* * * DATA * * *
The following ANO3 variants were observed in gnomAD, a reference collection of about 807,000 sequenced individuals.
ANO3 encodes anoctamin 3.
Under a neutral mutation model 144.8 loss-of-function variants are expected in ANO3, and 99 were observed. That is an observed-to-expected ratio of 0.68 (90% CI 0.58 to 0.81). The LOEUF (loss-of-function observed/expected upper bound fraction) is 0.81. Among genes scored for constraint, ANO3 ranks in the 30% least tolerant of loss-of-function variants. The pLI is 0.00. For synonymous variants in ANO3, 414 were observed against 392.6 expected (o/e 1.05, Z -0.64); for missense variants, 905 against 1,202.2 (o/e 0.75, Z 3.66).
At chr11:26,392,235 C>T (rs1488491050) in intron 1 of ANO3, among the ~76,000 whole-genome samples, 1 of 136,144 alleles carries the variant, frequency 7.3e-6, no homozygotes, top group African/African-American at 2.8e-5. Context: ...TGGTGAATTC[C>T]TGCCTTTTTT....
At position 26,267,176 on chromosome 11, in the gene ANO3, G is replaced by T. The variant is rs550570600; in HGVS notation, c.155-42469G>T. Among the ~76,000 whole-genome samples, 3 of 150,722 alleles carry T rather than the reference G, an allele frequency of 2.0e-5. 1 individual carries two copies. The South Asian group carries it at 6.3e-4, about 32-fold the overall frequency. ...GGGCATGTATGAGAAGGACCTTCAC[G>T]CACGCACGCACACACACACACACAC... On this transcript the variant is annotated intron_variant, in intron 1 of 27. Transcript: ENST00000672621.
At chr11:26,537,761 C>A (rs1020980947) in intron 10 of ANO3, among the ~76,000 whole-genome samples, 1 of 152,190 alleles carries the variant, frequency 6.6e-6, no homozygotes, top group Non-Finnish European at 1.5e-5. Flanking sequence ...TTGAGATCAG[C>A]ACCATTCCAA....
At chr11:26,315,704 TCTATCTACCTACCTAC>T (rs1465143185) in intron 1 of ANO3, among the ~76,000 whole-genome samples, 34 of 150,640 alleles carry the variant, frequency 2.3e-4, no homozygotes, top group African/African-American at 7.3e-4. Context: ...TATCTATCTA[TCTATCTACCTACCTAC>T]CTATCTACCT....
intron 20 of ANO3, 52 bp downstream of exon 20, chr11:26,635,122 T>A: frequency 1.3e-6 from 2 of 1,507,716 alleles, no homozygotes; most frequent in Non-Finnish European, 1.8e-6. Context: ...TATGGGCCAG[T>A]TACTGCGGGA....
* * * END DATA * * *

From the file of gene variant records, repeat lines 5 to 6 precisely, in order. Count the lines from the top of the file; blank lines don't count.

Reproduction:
At position 26,267,176 on chromosome 11, in the gene ANO3, G is replaced by T. The variant is rs550570600; in HGVS notation, c.155-42469G>T. Among the ~76,000 whole-genome samples, 3 of 150,722 alleles carry T rather than the reference G, an allele frequency of 2.0e-5. 1 individual carries two copies. The South Asian group carries it at 6.3e-4, about 32-fold the overall frequency. ...GGGCATGTATGAGAAGGACCTTCAC[G>T]CACGCACGCACACACACACACACAC... On this transcript the variant is annotated intron_variant, in intron 1 of 27. Transcript: ENST00000672621.
At chr11:26,537,761 C>A (rs1020980947) in intron 10 of ANO3, among the ~76,000 whole-genome samples, 1 of 152,190 alleles carries the variant, frequency 6.6e-6, no homozygotes, top group Non-Finnish European at 1.5e-5. Flanking sequence ...TTGAGATCAG[C>A]ACCATTCCAA....